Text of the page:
For many years our doctors' responsibility to the public and their patients was to provide treatment and support. The caring doctor-patient relationship grew during a time when doctors trained to run their own practices and when providing treatment was the best way to serve the public and the best way to make a living. Doctors were respected champions of health care and champions for their patients. Errors were often of the side of caution. But times have changed and the landscape of health care is becoming treacherous for patients. The pendulum of health care is swinging from "too much and too soon", toward "too little and too late". While many doctors are naturally curious and caring they no longer have permission to pursue a hunch or spend extra time with a patient during a complicated case.
Large corporations and companies now dominate and control health care - not your doctor. Insurance companies and Health Maintenance Organizations (HMOs) are severely limiting what they will cover and treat. Unlike your doctor just a few years ago, these for-profit health care companies are more intensely focused on denying health care instead of providing care. Denying treatment is generating huge huge profits for big business but is placing doctors and patients at greater risk. The practice of risk management and denying care is eroding, if not replacing the practice of medicine. Nowhere are these problems more evident than with doctors who specialize in mental health.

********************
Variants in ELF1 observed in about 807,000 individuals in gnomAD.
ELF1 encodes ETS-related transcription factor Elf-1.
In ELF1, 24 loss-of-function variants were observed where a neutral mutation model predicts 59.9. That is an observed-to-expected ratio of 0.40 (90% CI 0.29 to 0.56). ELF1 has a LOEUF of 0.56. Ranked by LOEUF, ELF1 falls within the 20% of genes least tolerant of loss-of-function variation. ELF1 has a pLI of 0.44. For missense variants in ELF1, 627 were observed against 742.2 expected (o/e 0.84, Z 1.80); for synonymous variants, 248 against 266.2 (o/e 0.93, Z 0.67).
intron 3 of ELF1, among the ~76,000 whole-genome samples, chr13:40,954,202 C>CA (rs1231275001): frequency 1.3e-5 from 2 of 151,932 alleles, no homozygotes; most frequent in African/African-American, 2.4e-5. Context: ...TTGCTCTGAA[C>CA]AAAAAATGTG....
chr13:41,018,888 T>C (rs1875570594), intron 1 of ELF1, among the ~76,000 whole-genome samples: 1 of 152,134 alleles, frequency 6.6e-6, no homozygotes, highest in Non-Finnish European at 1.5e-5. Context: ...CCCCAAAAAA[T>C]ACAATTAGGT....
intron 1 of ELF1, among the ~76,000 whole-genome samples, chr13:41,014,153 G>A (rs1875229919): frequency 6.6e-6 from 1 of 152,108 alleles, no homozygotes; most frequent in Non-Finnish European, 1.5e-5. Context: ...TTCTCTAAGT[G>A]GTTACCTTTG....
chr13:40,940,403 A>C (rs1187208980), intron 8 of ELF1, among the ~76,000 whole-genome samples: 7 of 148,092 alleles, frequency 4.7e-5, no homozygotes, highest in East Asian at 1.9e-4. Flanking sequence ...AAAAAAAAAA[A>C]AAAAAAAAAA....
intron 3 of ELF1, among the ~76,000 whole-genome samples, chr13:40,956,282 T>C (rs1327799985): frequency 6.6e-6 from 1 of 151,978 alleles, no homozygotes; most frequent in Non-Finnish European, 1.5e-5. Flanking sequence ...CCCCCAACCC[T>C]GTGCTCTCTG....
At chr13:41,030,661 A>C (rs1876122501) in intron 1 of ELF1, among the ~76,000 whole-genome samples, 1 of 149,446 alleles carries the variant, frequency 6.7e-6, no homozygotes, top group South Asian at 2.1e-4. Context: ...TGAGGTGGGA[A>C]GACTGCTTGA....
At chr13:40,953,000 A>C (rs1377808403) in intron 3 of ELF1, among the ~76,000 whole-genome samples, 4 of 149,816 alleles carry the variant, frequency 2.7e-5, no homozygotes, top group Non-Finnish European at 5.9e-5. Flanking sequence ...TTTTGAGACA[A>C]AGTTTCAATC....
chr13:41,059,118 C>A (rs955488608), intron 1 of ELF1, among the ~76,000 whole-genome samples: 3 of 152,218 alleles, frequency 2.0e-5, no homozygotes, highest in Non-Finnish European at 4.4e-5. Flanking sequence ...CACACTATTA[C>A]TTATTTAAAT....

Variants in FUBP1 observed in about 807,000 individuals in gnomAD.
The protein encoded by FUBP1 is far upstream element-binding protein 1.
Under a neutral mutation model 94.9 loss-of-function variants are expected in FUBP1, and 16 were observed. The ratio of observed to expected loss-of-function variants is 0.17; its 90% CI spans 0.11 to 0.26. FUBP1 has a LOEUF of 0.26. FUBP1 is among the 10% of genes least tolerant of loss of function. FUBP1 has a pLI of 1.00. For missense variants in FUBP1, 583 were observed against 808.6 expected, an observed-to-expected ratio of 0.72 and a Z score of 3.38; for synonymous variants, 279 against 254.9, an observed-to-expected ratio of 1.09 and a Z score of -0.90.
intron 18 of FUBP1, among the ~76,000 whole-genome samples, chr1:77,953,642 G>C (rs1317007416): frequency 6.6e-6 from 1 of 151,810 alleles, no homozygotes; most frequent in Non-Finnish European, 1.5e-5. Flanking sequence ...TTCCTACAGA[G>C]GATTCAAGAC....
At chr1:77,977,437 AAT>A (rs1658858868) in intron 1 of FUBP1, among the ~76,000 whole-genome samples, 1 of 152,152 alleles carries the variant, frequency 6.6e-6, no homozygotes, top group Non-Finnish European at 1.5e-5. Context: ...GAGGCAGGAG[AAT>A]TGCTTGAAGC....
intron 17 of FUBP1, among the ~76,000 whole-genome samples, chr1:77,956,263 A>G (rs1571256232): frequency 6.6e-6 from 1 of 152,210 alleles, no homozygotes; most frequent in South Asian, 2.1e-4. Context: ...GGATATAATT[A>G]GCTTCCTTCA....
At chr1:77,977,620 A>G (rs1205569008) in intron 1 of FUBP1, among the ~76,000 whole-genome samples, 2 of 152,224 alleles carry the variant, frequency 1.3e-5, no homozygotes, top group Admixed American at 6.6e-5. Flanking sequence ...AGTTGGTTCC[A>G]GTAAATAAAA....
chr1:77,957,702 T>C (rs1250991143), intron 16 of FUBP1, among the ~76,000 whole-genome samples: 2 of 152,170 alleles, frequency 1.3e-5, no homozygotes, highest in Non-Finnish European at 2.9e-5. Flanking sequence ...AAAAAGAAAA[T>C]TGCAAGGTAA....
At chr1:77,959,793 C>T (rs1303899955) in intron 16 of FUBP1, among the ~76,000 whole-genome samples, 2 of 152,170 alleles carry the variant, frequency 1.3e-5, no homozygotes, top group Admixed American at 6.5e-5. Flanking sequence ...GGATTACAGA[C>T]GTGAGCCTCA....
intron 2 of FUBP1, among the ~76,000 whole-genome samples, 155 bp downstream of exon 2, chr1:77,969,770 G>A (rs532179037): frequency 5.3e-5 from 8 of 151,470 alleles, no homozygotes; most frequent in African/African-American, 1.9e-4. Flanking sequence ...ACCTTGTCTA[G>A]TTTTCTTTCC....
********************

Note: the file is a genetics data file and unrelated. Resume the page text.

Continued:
The job market in mental health has been undergoing massive changes. Many highly trained doctors in psychology and psychiatry are being replaced by technicians and assistants with less training, less experience and by those who are willing to work for less pay. Experts in mental health are predicting that up to fifty percent of all mental health professionals will be unemployed or leave the profession in five years. The reason is actually simple. Professionals in mental health are struggling to maintain a living in a field where the financial floor is crumbling. The amount of money that professionals make for treating patients is getting smaller and smaller.